Minnesota arts educators are well-trained to work with children. Now a nonprofit called ArtSage hopes to build a corps of arts educators and institutions that are trained to work with the special needs and skills of the elderly.
The movement is fueled by research showing that senior citizens working with skilled arts professionals showed decreases in medication, doctor visits and depression. In the past few weeks, Art Sage has announced grants to train both individual artists and key arts organizations to work with the elderly, and to offer several public training sessions statewide.
“Our goal is to create an army of arts-trained teachers and arts organization to provide meaningful arts experience for older adults,” said Tammy Hauser, interim executive director at ArtSage, formerly known as the Minnesota Creative Arts and Aging Network.
Participating individuals and organizations will receive an overview of the arts and aging field, including best practices for working with the elderly, she said. They’ll also learn how to build audiences, develop partnerships and design effective programs for older adults.
“They’ll learn how to adapt programs to people with memory loss and different disabilities,” said Hauser.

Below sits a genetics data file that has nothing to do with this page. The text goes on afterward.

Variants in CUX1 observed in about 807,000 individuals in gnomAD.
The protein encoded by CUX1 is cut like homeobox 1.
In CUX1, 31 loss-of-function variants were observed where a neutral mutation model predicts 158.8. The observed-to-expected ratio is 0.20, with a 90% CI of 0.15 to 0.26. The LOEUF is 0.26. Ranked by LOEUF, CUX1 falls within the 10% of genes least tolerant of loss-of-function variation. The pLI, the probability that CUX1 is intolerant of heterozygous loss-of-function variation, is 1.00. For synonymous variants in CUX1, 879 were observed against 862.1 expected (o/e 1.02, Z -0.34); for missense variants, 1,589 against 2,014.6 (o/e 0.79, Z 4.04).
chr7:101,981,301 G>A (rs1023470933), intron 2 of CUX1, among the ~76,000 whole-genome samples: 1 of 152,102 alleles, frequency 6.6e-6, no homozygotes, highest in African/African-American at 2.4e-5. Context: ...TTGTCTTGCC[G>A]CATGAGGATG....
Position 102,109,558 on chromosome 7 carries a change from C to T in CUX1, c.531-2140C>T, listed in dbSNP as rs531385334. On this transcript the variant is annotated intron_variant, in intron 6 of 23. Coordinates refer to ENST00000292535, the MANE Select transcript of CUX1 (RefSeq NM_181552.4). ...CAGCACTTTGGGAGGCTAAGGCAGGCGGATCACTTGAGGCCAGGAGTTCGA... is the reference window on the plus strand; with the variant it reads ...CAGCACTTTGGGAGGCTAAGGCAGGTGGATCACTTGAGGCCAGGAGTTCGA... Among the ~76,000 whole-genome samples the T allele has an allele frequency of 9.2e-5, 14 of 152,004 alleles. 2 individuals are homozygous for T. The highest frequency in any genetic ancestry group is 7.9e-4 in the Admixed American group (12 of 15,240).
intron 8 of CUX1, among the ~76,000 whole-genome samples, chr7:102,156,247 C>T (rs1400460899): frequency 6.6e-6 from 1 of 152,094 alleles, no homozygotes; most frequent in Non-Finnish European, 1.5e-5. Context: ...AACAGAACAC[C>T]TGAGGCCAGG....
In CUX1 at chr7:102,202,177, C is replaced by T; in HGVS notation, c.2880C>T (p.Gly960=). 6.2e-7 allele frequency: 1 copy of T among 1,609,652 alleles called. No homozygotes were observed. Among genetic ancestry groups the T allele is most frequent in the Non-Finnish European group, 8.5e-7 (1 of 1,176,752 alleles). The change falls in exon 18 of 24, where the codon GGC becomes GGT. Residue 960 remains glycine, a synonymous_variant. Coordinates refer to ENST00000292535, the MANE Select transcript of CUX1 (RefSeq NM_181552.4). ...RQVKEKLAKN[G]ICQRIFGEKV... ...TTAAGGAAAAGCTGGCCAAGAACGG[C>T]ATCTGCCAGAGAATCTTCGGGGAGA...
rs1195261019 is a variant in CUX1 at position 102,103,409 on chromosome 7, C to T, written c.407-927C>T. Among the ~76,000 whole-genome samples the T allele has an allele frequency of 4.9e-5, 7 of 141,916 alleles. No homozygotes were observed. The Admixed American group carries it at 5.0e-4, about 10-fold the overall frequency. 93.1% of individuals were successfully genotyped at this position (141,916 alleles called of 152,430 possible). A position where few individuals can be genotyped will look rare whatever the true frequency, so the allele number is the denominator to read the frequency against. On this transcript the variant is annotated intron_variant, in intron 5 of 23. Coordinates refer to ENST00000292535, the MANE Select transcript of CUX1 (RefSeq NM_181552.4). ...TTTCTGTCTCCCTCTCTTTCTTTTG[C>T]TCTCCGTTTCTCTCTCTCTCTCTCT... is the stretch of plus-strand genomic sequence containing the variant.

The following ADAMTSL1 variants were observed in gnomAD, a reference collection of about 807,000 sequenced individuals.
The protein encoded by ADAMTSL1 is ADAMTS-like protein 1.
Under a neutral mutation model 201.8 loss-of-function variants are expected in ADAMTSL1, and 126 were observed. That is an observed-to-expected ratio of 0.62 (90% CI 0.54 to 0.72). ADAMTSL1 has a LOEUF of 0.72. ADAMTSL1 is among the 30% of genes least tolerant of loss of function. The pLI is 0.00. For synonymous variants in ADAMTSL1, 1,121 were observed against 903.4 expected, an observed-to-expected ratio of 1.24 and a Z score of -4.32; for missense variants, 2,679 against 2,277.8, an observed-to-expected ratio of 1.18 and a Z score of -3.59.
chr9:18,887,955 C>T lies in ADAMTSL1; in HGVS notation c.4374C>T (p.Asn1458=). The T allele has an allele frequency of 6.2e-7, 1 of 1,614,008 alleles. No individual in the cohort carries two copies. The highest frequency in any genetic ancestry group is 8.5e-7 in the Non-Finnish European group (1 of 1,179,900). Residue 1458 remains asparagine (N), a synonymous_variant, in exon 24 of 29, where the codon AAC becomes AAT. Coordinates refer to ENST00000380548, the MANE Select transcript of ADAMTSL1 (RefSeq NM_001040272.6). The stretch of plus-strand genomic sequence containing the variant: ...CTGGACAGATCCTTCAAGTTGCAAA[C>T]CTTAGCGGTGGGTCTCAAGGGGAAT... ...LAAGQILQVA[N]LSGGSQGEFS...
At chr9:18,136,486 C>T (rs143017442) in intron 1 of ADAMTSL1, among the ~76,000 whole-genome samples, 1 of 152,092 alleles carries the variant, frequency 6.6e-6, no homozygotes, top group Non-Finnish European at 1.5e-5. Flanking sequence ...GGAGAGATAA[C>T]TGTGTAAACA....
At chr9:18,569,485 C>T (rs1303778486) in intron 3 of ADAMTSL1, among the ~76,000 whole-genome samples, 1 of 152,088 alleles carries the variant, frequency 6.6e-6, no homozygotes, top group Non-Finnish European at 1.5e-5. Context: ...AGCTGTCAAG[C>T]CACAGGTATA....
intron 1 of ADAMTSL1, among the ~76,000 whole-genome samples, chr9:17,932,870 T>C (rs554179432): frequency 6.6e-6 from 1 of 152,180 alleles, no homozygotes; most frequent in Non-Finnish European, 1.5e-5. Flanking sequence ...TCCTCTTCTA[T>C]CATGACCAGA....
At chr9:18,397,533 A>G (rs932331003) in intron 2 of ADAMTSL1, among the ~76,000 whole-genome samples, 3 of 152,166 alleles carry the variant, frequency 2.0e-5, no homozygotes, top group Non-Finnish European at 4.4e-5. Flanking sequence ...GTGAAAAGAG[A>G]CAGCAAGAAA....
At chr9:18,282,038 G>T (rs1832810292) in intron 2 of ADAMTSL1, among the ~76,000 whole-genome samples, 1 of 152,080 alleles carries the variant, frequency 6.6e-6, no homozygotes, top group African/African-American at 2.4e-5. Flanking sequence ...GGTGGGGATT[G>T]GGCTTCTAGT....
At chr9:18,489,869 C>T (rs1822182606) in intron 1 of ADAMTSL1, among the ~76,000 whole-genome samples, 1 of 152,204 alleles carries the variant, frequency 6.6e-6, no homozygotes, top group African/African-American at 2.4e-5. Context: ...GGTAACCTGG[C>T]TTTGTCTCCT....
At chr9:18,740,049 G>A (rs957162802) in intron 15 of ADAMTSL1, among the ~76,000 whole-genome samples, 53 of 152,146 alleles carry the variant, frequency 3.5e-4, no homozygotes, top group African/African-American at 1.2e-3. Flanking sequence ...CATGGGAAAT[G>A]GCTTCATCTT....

The eight arts organizations that will get more intensive training include the MacPhail Center for Music in Minneapolis, COMPAS in St. Paul, Caponi Art Park and Learning Center in Eagan and the Rosemount Area Arts Council.
Meanwhile, free community training sessions for artists and arts organizations will be held around the state Oct. 24-31.
The sessions are slated for St. Cloud, Fergus Falls, Austin, Minneapolis and Grand Rapids. Pre-registration is required.
It’s the second year that ArtSage has offered such training, which Hauser said meets a critical need in a state with a large and growing senior population.
Funding comes from a grant from the Minnesota Arts Board. Go to www.artsagemn.org.
Jean Hopfensperger 612 673-4511
Poll: Which free-agent quarterback would you most like the Vikings to sign?